As reported here Wednesday, the Florida Supreme Court has asked The Florida Bar to undertake a study of the rules governing the practice of law in order to determine whether revisions are needed to improve the delivery of legal services within that state.

This comes as a growing number of states — including Arizona, California, New Mexico, Oregon, Utah and Washington — are studying changes in lawyer regulation with the goal of enhancing access to justice.

This morning, I spoke with the lawyer who will chair the study group, John M. Stewart, president of The Florida Bar. He provided further details on the study group’s organization and mission.

Although the Supreme Court’s letter had asked that the study group begin by January, Stewart said he is still in the process of selecting members and will name them when the group is complete.

In forming the group, he is striving to get a mix of lawyers who represent different firm sizes, parts of the states, and practice areas.

He does not plan to include anyone who is not a lawyer, but he does expect that the group will solicit input from a range of perspectives. “I do expect to have the committee hear from many people, including those who are not lawyers,” he said.

He does not yet know whether the group will conduct hearings or formally request public comment in any way, as he wants the group to first meet and make its own decisions about how to proceed.

He expects, however, that if the group were to suggest rule changes or other substantive measures that would impact bar members, then it would hold hearings.

Whatever the process the group decides, Stewart vowed that it will be fully open and transparent.

The Supreme Court’s request that the bar form this study group came in response to an earlier letter to the court from Stewart suggesting the study. Stewart told me today that, while he could have appointed this study group on his own as president, he thought it was important to get buy-in from the court.

“At the end of the day, if anything will change, the Supreme Court has to approve the change,” he said. “I wanted them to initially say, ‘Hey, we agree, this has to be looked at in more detail.’”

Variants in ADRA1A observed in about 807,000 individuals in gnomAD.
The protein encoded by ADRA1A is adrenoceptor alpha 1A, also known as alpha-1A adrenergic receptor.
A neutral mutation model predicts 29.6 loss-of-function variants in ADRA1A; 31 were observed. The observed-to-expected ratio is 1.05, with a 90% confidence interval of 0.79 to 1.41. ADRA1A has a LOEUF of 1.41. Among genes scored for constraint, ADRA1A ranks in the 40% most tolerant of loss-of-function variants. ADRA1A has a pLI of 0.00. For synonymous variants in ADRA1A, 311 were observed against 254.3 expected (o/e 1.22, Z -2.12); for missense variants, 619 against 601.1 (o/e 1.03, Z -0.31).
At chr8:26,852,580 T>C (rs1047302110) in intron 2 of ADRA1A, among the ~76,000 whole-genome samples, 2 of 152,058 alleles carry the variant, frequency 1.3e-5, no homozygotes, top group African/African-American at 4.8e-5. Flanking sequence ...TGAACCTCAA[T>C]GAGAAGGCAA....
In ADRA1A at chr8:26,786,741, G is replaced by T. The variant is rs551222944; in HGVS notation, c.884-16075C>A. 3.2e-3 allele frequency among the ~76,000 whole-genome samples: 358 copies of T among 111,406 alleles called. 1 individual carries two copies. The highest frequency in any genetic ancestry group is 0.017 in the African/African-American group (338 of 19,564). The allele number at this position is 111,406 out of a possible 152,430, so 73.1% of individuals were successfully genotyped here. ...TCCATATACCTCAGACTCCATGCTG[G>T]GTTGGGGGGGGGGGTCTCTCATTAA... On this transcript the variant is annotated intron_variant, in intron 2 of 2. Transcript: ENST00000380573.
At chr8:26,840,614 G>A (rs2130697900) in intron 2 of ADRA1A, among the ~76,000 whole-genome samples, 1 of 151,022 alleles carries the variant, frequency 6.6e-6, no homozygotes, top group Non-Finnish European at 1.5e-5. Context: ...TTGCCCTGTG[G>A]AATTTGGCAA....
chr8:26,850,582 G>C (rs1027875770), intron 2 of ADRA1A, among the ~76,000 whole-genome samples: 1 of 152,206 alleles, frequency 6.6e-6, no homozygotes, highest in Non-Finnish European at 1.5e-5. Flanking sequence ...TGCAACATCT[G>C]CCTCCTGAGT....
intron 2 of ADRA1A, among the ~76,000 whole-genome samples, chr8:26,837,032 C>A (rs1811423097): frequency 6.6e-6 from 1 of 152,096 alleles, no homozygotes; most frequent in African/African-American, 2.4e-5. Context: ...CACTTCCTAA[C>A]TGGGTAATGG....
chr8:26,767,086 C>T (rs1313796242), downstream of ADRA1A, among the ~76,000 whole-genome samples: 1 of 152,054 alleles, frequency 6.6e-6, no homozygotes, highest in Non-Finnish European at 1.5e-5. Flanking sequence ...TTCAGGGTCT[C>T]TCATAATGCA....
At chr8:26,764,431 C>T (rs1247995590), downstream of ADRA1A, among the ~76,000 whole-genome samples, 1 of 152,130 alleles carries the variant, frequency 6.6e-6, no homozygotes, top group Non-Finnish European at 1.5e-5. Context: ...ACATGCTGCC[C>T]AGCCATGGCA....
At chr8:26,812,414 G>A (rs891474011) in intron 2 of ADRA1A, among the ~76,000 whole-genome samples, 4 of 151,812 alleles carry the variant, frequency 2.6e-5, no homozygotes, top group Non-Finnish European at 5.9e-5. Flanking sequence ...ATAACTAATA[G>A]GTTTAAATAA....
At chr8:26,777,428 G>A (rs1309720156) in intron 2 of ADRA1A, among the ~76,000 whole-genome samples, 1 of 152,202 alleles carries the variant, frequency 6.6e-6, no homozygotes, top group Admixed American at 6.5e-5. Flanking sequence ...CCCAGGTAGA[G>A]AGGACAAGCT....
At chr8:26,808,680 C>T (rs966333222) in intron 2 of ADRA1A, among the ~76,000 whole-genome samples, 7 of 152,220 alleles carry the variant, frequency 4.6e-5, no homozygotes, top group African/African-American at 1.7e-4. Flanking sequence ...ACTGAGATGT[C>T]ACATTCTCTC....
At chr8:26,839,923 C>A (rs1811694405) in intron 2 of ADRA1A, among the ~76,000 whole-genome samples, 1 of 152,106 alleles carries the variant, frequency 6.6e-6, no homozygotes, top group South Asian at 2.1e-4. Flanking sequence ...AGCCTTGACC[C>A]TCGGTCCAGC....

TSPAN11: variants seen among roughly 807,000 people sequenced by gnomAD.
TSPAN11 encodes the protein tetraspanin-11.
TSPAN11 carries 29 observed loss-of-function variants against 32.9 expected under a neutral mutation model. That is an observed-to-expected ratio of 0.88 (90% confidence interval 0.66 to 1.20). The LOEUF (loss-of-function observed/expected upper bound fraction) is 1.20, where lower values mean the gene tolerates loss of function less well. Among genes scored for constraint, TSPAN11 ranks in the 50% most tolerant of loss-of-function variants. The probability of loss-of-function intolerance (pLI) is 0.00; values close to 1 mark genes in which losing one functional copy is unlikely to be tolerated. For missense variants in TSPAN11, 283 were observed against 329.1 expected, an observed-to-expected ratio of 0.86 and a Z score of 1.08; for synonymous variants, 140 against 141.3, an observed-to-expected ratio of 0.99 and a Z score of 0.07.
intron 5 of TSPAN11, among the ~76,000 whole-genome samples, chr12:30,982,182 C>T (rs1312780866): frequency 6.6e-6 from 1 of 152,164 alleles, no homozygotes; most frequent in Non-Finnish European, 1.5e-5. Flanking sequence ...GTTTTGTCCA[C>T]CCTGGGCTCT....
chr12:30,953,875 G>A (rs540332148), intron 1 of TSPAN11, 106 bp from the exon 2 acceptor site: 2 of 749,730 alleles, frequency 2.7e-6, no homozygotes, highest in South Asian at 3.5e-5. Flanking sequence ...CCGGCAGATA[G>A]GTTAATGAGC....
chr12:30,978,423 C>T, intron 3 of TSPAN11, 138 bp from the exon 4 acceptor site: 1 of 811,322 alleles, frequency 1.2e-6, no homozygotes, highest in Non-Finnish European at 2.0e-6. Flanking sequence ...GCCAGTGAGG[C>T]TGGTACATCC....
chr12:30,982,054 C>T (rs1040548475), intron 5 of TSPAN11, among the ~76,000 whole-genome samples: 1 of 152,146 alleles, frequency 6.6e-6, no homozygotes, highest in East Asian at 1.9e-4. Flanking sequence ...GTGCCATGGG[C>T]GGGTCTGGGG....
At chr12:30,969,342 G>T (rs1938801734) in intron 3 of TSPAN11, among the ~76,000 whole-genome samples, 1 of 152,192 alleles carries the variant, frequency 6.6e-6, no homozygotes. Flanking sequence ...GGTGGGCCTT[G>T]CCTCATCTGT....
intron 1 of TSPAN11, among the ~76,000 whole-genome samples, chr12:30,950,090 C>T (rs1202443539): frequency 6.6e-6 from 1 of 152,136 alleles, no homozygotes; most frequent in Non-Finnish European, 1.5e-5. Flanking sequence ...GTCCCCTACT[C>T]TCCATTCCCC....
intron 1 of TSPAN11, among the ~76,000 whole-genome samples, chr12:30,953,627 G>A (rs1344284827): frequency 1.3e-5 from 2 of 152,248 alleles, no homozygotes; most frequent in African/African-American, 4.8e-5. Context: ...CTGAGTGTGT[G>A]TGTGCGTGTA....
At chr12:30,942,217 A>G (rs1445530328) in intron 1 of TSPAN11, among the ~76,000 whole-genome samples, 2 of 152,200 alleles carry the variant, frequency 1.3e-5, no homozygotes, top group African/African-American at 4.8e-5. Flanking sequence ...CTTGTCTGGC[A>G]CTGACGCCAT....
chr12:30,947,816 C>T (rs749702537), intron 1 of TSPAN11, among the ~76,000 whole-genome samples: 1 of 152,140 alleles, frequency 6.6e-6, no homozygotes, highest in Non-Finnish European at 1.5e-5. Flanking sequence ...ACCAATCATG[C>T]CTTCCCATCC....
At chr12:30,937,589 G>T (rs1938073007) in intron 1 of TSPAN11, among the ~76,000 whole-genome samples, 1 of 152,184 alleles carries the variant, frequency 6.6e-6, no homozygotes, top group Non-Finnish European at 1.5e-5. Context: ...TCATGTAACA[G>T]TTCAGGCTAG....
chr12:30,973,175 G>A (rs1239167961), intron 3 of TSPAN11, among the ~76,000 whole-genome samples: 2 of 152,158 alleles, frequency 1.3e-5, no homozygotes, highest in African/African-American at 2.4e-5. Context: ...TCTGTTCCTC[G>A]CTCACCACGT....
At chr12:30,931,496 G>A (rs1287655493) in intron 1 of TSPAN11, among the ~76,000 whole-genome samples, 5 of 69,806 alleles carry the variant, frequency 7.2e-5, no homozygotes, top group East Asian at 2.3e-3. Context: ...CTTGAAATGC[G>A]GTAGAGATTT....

As for why he saw the need for the study group, Stewart said the bar had been talking about these issues for several years, but needed an impetus to spark further action.

“We’ve been talking about this at least since 2013. It’s time for us to move from talking to acting, whatever that may turn out to be.”

Five years ago, Stewart chaired the Florida Bar’s Vision 2016 commission, which produced a number of recommendations for modernizing legal practice. The recommendations led Florida to adopt the duty of technology competence in 2016 and to become the first state to mandate technology CLE for lawyers.

But momentum created by that commission was lost as a result of controversy over another of its recommendations having to do with loosening reciprocity rules. That created a setback in the discussion that caused it to stall, Stewart said, “and we needed to get it going again.”

Stewart takes a pragmatic approach to the question of whether regulatory changes can improve access to justice. There is no evidence that the regulatory reforms being discussed in other states will, in fact, enhance access to legal services, he said.

“I see this more as a question of are there impediments because of the rules we have in place that block consumers from getting to lawyers and lawyers from getting to consumers better,” he said. “Are the rules creating an impediment to that?”

As part of that examination, if the group finds that there is legal-related work that lawyers are simply not going to do, “then the lawyers can’t say that nobody else can do it” and the group needs to be prepared to consider alternatives.

“I’m a firm believer that our goal is to make it so that the most lawyers can provide the most citizens the most legal services, and make it affordable and make it efficient.”